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After translating the last two posts with Marie Chiba’s recommendations for mixing and matching sake at home, I really wanted to try the doburoku (traditional home brew style sake) + soda = “dobusoda“… but with the limited range of sake available in Switzerland my chances of getting hold of some doburoku were roughly zero.

I think the only time I’ve seen it in Europe was last year’s Kura Master tasting.

Home brewing (anything over 1%) is illegal in Japan, so there’s no strong home brew community like there is for beer in other countries. However, it’s perfectly legal in Germany and Japanese programmer Yoshito Maeoka started brewing his own doburoku at home while working there. This is a summary of his instructions from the Oryzae Wonderland site, which also covers making kōji rice, miso, amazake, mirin, shio-kōji, soy sauce, nattō and kefir.

The original article has plenty of photos and guide times, so have a look if you want to see what the process should look like.

[Just noticed he has an article on cacao miso. Relevant to all my interests…]

REMINDER: Brewing anything over 1% alcohol is illegal in Japan without a license. Please check your country’s regulations.

Makes 700 ml


  • 500 g table rice
  • 150 g fresh (nama) rice kōji
  • 650 ml water
  • 100 ml warm water (to dissolve bread yeast)
  • 0.75 g dried or 1.5 g fresh organic bread yeast


  • Pan for steaming rice (or pressure cooker)
  • Stainless steel steamer insert
  • Container to dissolve bread yeast
  • Plastic food storage box or other container to cool steamed rice
  • Rice paddle
  • Colander
  • 1.5 L or larger sterilised container for brewing (3 L if using a ziplock bag)
  • Large sterilised spoon or similar for stirring
  • Sterilised container to store the brewed sake


  • Until around day eight, taste the moromi every day to see how the flavour changes. The rice kōji contains carbonic acid, which changes in strength over each day of the ferment. You can feel it on the tip of your tongue.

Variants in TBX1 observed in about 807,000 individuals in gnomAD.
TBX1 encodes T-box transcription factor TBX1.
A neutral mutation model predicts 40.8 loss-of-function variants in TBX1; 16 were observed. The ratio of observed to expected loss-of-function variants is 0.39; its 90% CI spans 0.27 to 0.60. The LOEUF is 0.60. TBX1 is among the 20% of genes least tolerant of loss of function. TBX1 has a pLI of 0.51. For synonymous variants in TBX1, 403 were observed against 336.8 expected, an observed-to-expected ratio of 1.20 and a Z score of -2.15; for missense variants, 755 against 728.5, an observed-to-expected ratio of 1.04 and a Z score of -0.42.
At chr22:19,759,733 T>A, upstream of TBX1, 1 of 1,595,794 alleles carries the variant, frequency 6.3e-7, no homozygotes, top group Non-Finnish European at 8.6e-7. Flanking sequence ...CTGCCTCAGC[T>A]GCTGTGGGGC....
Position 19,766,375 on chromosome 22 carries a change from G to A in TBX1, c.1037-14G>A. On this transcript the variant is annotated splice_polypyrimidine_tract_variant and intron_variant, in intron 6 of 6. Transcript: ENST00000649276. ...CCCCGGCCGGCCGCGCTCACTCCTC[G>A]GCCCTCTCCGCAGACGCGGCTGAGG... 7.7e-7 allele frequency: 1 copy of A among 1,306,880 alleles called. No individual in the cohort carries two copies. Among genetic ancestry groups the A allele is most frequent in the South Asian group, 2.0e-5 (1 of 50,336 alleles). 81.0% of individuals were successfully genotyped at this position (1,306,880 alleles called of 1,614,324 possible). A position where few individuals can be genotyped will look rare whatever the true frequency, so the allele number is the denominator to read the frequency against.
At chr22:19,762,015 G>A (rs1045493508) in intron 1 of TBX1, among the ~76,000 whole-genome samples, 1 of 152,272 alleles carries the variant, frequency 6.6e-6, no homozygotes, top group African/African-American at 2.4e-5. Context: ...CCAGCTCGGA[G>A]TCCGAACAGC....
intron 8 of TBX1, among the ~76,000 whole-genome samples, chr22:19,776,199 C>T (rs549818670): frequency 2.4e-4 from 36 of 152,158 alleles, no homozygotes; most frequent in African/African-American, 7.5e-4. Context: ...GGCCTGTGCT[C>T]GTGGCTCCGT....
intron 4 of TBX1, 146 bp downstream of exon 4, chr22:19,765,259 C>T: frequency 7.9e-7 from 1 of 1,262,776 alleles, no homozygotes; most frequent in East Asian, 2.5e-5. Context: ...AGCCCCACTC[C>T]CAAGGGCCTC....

• Any moromi stuck to the mouth of the container can attract unwanted microorganisms so make sure to wipe it up with kitchen paper.
  • There is a huge range of bread yeast on sale: dried, live and from different producers. Maeoka says he tried a few different types, and it does influence the aroma of the moromi.
  • Based on Maeoka’s personal experimentation keeping the ferment at room temperature (around 20°C) doesn’t necessarily produce bad sake, but bread yeast will also work at low temperatures. Even brewing in Germany during the summer, the sake didn’t go off or spoil. However, it’s easier for it to become contaminated in higher temperatures so it’s best to avoid the hottest time of year.

Day before

The same as when making rice kōji, rinse the rice and leave it in water the night before. If the water you would use for soaking is hard, you can use a soft mineral water like Volvic. The next day, put the rice in the colander and let it drain for 1-2 hours.

On the day

1. Steam the rice

The same as when making rice kōji, the rice used for brewing must not be like wet like freshly boiled rice. So you don’t boil the rice, you steam it. Drain the rice before steaming.

Put water into the pan, making sure it doesn’t touch the steamer insert. If there’s too much water, the rice will absorb it and the grains will stick together. If there’s too little water the pan will boil dry, so be careful. Put a thin steaming cloth over the steamer insert, and the rice on top of the cloth. See the rice kōji-making method for details on steaming cloth.

If using a pressure cooker, steam for 20 minutes after reaching pressure.

If using a normal pan, steam for about 40 minutes. Be careful when using a normal pan as you can end up with rice sticking together. Using a pressure cooker gives a drier result. Rice that has stuck together is not suitable for sake brewing. Maeoka used a Fissler 4.5 L pressure cooker, which cooks 5 go [about 750 g/900 ml] of rice at a time.

If using a pressure cooker, leave it until the pressure has gone down after the rice has finished steaming. Put the rice with the steaming cloth into the plastic food storage box, open it up and use the rice paddle to thoroughly break up the rice. Turn the rice to avoid it sticking to the steaming cloth and becoming mushy. Keep the rice spread out in the box until it cools down and turns dry.

Maeoka recommends stainless steel steamer inserts over wooden ones as the latter can transfer a woody smell to the rice.

The firm steamed rice should turn translucent and not stick to your hand when touched. It should fall apart and feel hard if you try to eat it. If the rice is soft, white and swollen with moisture, it’s not suited for sake brewing.